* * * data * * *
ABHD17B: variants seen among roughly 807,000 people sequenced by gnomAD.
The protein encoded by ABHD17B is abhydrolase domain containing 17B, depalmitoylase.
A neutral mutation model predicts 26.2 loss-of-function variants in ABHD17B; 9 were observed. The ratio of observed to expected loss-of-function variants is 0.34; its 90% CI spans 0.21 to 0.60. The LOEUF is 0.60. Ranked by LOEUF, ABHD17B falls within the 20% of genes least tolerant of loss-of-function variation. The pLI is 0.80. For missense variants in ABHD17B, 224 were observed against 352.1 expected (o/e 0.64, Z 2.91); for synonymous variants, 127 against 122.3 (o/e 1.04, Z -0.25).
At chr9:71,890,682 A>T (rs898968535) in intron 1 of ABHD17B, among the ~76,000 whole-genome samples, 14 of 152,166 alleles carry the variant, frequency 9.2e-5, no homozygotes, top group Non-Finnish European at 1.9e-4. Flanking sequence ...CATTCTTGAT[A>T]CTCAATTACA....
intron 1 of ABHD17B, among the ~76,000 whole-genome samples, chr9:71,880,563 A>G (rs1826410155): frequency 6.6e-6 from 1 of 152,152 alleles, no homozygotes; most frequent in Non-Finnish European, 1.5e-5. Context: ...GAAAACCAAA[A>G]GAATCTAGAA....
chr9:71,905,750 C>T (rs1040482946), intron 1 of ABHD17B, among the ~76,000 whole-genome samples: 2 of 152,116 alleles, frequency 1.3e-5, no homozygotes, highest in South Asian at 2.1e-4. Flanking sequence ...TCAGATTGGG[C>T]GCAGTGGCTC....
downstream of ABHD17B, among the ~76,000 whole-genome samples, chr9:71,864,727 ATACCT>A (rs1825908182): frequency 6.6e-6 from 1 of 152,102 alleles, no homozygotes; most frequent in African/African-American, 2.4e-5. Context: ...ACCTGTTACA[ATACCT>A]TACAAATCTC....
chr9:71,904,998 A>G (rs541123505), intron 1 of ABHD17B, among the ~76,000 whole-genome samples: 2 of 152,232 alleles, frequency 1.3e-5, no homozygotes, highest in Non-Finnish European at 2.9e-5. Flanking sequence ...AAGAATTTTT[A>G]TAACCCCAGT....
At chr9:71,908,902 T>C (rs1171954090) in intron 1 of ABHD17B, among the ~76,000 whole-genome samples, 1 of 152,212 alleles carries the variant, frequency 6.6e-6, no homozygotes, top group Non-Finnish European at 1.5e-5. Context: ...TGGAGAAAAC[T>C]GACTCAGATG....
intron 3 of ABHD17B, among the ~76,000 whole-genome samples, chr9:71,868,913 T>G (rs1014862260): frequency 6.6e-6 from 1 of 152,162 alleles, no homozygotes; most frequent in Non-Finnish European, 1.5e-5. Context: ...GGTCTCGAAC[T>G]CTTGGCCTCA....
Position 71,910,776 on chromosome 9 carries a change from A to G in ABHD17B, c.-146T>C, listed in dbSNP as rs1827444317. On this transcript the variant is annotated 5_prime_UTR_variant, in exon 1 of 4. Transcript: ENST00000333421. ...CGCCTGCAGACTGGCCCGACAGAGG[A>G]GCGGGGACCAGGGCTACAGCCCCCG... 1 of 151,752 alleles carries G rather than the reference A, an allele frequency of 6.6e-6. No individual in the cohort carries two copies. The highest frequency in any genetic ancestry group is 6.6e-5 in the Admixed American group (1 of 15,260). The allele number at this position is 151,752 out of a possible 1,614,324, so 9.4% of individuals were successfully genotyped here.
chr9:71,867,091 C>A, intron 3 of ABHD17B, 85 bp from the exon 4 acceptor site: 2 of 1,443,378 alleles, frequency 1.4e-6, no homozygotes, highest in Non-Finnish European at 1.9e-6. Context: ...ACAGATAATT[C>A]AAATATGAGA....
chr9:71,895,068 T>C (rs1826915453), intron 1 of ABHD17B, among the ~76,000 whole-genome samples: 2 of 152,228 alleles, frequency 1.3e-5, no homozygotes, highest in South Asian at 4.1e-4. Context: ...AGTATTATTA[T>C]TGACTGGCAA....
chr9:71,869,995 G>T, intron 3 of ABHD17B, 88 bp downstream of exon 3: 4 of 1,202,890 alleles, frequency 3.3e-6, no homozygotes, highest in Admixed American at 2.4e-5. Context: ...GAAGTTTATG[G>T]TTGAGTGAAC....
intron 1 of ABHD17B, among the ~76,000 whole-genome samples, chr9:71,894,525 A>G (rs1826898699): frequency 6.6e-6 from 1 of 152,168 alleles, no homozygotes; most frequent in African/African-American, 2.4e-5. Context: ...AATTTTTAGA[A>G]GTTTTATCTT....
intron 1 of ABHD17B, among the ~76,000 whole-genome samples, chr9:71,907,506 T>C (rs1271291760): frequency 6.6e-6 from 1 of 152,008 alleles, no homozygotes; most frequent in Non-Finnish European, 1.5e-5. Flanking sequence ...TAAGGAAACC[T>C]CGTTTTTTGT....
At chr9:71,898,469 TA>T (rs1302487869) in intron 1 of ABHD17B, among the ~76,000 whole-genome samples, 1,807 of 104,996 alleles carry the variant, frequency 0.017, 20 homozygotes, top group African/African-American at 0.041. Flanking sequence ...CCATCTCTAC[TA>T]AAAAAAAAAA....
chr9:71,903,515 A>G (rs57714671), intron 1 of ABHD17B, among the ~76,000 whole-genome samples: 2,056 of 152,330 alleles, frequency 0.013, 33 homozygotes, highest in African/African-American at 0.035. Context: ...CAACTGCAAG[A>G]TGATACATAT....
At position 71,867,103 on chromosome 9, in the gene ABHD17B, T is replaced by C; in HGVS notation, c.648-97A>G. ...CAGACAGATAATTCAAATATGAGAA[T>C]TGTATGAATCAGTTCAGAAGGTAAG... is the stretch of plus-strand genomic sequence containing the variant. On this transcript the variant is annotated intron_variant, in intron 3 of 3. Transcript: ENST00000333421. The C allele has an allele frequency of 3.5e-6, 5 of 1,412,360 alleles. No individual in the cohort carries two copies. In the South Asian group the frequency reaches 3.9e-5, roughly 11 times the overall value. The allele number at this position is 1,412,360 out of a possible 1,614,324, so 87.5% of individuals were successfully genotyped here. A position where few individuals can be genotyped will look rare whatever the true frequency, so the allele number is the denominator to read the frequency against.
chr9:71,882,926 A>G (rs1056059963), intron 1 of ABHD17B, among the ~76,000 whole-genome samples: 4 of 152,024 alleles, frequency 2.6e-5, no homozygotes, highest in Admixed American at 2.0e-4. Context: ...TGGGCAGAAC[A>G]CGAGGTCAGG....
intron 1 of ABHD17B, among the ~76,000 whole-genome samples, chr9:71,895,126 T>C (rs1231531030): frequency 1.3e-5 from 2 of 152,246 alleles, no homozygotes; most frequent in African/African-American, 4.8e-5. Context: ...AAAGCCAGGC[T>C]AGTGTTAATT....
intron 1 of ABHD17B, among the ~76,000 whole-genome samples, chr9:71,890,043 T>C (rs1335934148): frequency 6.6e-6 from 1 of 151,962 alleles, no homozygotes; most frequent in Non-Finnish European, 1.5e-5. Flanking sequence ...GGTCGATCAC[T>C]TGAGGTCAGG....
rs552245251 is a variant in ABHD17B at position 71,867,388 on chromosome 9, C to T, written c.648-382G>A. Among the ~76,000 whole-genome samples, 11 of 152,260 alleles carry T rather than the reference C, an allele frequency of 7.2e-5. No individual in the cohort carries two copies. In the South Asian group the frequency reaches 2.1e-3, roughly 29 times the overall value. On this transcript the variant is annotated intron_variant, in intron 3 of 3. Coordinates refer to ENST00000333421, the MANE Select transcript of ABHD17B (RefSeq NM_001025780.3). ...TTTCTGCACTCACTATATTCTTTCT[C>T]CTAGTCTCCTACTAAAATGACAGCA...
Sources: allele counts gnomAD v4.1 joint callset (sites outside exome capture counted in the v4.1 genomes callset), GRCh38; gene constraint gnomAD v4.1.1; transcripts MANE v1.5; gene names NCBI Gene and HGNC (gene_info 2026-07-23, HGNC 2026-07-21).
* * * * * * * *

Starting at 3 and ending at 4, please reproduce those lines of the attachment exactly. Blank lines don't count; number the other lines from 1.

A neutral mutation model predicts 26.2 loss-of-function variants in ABHD17B; 9 were observed. The ratio of observed to expected loss-of-function variants is 0.34; its 90% CI spans 0.21 to 0.60. The LOEUF is 0.60. Ranked by LOEUF, ABHD17B falls within the 20% of genes least tolerant of loss-of-function variation. The pLI is 0.80. For missense variants in ABHD17B, 224 were observed against 352.1 expected (o/e 0.64, Z 2.91); for synonymous variants, 127 against 122.3 (o/e 1.04, Z -0.25).
At chr9:71,890,682 A>T (rs898968535) in intron 1 of ABHD17B, among the ~76,000 whole-genome samples, 14 of 152,166 alleles carry the variant, frequency 9.2e-5, no homozygotes, top group Non-Finnish European at 1.9e-4. Flanking sequence ...CATTCTTGAT[A>T]CTCAATTACA....